The researchers turned to pigs, a well established animal model for potential human treatments, because translating research to improve human health is deeply important to Li, a professor of Orthopedics and Rehabilitation and Biomedical Engineering He has spent much of his career studying cartilage and bone regeneration to develop innovative therapies to help people

Li and members of his Musculoskeletal Biology and Regenerative Medicine Laboratory obtained skin cells from the ears of three different breeds of miniature pigs Wisconsin miniature swine, Yucatan miniature swine, and Göttingen minipigs.

The researchers reprogrammed the cells to create induced pluripotent stem cells and demonstrated that they have the capacity to become different types of tissue cells Pluripotent stem cells are the body’s master cells, and they are invaluable to medicine since they can be used for the regeneration or repair of damaged tissues Findings of this study suggest that the miniature pig is a promising animal model for pre clinical research. The team plans to use the established pig model to reproduce their recent findings of cartilage regeneration in rats as reported in Science Advances.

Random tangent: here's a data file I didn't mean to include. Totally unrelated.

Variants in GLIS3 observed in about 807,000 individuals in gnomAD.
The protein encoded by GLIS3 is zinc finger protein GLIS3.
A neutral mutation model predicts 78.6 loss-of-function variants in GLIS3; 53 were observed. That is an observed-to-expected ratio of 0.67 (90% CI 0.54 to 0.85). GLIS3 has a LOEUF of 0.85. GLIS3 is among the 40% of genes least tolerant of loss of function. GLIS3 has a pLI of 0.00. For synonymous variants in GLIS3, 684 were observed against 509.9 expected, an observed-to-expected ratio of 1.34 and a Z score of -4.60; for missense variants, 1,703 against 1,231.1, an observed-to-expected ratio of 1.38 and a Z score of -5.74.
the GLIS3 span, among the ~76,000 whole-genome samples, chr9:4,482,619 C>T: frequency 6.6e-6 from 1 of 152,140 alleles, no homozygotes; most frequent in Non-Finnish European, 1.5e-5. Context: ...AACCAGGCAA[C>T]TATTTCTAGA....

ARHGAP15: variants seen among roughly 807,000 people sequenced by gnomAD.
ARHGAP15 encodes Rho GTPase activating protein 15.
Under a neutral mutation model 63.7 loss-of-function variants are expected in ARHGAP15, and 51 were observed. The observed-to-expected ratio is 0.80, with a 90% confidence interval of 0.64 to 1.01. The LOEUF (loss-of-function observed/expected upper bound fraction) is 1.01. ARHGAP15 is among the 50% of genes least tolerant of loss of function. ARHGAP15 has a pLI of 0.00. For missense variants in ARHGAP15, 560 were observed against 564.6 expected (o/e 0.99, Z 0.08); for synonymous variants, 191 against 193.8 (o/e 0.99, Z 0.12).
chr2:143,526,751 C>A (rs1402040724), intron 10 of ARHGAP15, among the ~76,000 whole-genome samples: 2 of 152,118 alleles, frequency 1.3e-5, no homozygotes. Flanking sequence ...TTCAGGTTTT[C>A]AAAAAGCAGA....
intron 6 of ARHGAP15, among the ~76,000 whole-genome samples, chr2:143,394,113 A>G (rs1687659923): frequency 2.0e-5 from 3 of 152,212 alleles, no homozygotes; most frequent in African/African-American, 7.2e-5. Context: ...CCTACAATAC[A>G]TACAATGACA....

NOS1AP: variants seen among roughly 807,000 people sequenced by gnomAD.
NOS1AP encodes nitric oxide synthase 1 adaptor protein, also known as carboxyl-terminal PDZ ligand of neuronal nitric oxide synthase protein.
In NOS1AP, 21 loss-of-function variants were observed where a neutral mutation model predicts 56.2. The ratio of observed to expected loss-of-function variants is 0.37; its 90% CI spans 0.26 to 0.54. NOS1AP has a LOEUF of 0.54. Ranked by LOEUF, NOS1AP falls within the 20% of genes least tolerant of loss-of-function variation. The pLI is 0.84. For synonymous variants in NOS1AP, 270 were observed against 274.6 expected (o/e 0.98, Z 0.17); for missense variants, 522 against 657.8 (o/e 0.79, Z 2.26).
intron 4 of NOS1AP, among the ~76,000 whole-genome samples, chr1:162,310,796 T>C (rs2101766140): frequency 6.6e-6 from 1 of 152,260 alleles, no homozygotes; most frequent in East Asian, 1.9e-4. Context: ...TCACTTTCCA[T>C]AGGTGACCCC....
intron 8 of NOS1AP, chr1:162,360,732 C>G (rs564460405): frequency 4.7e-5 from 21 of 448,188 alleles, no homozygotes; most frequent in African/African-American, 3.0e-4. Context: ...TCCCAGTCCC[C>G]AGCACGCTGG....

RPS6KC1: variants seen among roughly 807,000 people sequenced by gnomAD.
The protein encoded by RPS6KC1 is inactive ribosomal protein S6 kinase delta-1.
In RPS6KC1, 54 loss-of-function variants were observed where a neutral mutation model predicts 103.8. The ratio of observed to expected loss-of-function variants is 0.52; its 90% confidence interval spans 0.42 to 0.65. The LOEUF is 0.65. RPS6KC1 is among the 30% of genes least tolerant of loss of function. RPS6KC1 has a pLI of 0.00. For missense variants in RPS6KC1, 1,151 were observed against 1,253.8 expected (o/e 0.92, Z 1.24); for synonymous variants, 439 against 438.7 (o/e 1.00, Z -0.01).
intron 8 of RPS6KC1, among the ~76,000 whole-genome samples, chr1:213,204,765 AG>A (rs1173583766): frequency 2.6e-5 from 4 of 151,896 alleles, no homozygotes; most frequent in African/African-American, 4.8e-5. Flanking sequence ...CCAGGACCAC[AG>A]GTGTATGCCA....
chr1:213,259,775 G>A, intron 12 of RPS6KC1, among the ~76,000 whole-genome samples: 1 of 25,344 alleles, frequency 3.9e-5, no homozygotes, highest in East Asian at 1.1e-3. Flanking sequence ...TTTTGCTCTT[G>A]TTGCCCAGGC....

Regenerating cartilage in animals even more alike to humans moves science one step closer to helping patients experiencing joint diseases such as osteoarthritis

Wan Ju Li (left) shows a collagen fiber sample to Gwen Plunkett Funding from the Plunkett Family Foundation has contributed to research on cartilage repair therapies Credit: Jordana Lenon